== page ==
For a Democratic mayor who frets about being “the man”—and getting second billing to Seattle council lefties like Mike O'Brien and Kshama Sawant—mayor Ed Murray certainly stepped in it yesterday afternoon. After the city council made national news by unanimously passing legislation that gives contract drivers for ride-sharing companies like Uber and Lyft (and taxi cab companies) the right to organize, Murray criticized the workers rights bill and said he wasn’t going to sign it. The legislation still becomes law when the mayor refuses to sign (only a successful veto can block council legislation—and the eight council votes are more than enough to topple a veto), but the lacking signature was a provocative statement from Murray.
The council basked in the moment as they passed the legislation, the first in the country to challenge the status quo; national labor law does not explicitly give contract workers the right to organize.
“The intent of this legislation to create a regulatory environment where innovation can continue but not at the expense of workers,” council member O’Brien, who introduced the bill in September, said. “[The legislation will work] to the benefit of those workers so that companies can be successful, so that customers can have access to the services that they want, but all done in a way so that the drivers have some say in the terms of their employment.”
Council member Kshama Sawant, who took time out of her vacation to be at city hall for the big vote, compared the share economy and rideshare companies like Uber to share-cropping (the practice of a farmer working land belonging to a landowner and giving the majority of their harvest to the landowner). “The ‘sharing economy’ has meant sharing in one direction. That is, workers have the privilege of sharing what they produce with their bosses.”
And brand new, at-large council member (and Murray’s former legal counsel) Lorena Gonzalez, spinning the legal uncertainty of the legislation into a positive, said: “This is good policy for our city. I ask all of us today: Do we want to use this law as a shield or use the law as a sword. I say use it as a sword,” indicating that the legal battle that’s sure to come casts the Seattle as policy activists.
Even the council’s establishment bloc was gaga about the bill. Bruce Harrell said:
“We had concerns from many of my friends in the industry of whether their voice was heard. We have concerns from the executive, valid concerns as to whether we have the resources to enforce this. We have concerns from our law department, valid concerns about whether this will be legally challenged. My attitude about that is, that's the work that we've chosen to do. None of this kind of work is easy. It's hard work. And from this point on we have to keep plowing ahead. I look at this in the bigger scheme of things of what we're trying to do in this country. The work cannot stop here.”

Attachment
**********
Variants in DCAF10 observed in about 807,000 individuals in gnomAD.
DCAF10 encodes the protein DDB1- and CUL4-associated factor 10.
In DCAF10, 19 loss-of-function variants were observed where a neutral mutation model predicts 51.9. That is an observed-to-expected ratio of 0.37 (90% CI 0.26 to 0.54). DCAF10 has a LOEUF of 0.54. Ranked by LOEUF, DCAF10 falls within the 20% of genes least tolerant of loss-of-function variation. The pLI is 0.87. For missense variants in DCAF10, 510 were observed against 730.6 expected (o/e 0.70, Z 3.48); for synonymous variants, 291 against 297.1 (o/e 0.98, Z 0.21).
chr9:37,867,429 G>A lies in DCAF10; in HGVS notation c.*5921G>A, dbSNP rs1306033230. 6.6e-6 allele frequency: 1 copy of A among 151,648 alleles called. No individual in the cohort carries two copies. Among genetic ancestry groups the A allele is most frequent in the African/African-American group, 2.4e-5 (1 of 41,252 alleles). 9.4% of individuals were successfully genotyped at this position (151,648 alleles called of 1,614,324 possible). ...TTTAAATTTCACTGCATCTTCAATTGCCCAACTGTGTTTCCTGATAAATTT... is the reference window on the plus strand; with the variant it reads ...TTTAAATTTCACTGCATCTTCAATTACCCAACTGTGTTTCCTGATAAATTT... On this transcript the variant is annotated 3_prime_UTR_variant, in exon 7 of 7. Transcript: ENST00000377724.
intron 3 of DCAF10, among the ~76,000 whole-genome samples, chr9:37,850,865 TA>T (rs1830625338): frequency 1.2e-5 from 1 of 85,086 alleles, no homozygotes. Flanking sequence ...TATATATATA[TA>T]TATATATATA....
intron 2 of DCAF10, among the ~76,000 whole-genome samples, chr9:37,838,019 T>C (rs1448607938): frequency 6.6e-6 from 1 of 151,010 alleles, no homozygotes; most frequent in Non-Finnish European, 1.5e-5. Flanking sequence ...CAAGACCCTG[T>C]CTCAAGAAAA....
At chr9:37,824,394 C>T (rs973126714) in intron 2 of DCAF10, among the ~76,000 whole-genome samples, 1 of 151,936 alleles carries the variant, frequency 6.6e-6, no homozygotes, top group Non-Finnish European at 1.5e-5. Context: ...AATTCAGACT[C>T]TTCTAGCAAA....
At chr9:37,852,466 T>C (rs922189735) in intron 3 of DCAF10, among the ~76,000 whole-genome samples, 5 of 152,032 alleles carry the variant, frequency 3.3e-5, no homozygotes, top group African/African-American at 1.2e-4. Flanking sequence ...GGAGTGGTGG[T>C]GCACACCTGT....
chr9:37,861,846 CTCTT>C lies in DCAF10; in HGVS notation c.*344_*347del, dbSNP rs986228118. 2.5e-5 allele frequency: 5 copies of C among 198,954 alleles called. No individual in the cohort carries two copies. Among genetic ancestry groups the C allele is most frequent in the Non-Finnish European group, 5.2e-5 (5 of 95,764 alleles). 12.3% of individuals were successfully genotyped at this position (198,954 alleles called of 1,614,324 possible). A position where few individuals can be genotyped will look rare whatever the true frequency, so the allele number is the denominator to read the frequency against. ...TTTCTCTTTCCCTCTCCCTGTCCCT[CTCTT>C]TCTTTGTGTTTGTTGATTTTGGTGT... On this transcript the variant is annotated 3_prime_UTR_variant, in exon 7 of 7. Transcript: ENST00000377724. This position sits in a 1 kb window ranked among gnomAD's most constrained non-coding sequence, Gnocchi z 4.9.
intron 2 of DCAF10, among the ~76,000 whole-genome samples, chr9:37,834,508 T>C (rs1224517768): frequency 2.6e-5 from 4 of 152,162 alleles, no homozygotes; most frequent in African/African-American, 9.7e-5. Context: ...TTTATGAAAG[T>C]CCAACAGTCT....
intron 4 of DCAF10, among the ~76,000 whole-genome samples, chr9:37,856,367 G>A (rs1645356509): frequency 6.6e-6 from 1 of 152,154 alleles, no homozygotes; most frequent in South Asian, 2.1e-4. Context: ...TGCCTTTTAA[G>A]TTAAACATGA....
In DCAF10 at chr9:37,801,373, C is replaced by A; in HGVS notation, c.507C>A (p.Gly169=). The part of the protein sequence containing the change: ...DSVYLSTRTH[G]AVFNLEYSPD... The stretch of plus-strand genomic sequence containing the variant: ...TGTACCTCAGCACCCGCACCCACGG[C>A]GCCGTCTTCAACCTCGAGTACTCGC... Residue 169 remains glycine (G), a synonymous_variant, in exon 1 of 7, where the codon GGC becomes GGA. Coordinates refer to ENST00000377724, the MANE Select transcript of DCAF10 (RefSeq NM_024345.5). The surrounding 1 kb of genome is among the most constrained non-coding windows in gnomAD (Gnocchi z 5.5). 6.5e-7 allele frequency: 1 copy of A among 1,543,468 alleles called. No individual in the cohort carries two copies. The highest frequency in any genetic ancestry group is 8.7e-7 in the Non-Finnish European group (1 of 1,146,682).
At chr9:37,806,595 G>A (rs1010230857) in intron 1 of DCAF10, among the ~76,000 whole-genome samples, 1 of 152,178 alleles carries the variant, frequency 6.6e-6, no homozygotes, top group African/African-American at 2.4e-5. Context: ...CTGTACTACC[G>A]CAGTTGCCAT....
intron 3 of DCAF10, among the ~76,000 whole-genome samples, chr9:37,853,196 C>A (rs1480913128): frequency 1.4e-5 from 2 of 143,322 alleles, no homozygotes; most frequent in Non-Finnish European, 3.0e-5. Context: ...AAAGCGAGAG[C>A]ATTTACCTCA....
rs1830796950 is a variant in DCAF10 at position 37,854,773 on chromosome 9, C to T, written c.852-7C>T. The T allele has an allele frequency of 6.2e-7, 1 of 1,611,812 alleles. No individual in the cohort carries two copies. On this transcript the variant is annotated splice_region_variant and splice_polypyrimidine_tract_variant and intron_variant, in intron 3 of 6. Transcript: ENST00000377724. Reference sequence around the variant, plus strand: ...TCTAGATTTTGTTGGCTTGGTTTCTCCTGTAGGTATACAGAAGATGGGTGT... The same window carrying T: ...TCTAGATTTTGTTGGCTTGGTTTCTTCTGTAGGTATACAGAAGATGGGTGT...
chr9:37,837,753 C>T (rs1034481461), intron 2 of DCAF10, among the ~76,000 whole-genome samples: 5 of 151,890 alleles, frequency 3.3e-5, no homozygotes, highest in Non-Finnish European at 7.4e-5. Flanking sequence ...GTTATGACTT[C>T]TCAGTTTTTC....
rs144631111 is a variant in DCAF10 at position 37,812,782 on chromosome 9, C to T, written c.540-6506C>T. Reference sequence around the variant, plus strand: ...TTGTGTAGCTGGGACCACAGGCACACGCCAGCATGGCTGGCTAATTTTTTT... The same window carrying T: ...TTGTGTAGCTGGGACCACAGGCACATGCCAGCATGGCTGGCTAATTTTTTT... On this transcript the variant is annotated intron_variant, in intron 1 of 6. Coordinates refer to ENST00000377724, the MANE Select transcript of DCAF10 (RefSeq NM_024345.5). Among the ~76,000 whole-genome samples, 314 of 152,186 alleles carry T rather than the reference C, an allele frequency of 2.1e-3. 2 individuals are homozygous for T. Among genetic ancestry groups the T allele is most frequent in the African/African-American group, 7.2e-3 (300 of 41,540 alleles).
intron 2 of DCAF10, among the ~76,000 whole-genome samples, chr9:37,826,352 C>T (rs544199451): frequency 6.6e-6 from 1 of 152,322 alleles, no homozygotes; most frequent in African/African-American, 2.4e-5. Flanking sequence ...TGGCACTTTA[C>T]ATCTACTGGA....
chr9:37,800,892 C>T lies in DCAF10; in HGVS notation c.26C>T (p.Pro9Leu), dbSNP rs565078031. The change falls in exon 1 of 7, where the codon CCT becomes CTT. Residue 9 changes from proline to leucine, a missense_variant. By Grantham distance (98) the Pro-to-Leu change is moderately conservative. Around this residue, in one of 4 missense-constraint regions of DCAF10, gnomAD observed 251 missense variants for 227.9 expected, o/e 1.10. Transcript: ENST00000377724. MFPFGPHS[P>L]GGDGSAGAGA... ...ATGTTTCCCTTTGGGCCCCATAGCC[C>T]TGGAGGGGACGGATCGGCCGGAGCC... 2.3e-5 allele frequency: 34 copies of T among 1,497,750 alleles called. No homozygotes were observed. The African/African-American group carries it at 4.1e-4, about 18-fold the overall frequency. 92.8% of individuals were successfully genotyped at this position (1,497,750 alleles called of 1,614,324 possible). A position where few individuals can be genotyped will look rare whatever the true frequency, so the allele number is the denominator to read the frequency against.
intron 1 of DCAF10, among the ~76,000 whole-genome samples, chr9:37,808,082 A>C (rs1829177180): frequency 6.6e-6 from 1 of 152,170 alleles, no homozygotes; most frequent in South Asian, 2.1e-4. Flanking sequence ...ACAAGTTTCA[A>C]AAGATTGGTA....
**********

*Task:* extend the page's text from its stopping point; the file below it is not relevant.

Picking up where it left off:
So, while all her colleagues were on board with the workers revolution this time, socialist Sawant’s usual dose of pointed commentary—“Any council member who votes no on this today will be saying that they care more about the profits of a multi billion dollar company… over the rights of workers"—ended up, in retrospect, tarnishing the mayor.
Murray’s surprise statement late in the day said: “I said consistently during this debate that I support the right of workers to organize to create a fair and just workplace. [But] I remain concerned that this ordinance, as passed by the Council, includes several flaws…”
Murray, who’d been mum with the press in the runup to the vote, sent a letter to council yesterday outlining his concern that the bill placed too much rulemaking and oversight responsibility on the city, such as determining nuanced labor definitions. He also flagged the “significant” costs to the city, noting both the regulatory costs and the ultimate costs of heading to court to defend the law.
No representatives from rideshare companies like Uber or Lyft testified at yesterday’s meeting. And in a statement, Uber did not directly address the legislation, saying simply, “Uber is creating new opportunities for many people to earn a better living on their own time and their own terms. Drivers say that with flexible and independent work with Uber, 50 percent of them drive fewer than 10 hours a week, 70 percent have full-time or part-time work outside of Uber and 65 percent choose to vary the hours they drive 25 percent week-to-week.”
The long-time position of rideshare companies has been that since the National Labor Relations Act does not explicitly cover independent contractors like for-hire drivers, Seattle’s new ordinance is illegal under federal law (rideshare company representatives argued just that when they testified before city council committee meetings two months ago). Debate club-style: The ordinance’s proponents say the very lack of a shout out to contractors in federal law is exactly why unionization is permissible. (In fact, the NLRB indicated as much in yesterday's New York Times coverage of the vote.)
However, though the city’s law department has been examining the legislation over the past several months (and has it given it good legal standing, according to O’Brien), the ordinance is still likely to face a legal challenge from the rideshare industry, who, in addition to the NLRA argument are also expected to claim that drivers’ collective bargaining rights violate antitrust laws that prevent price-fixing.
Shortly after O'Brien introduced first introduced his legislation this fall with drivers standing by his side at city hall, one of those drivers complained about retaliation.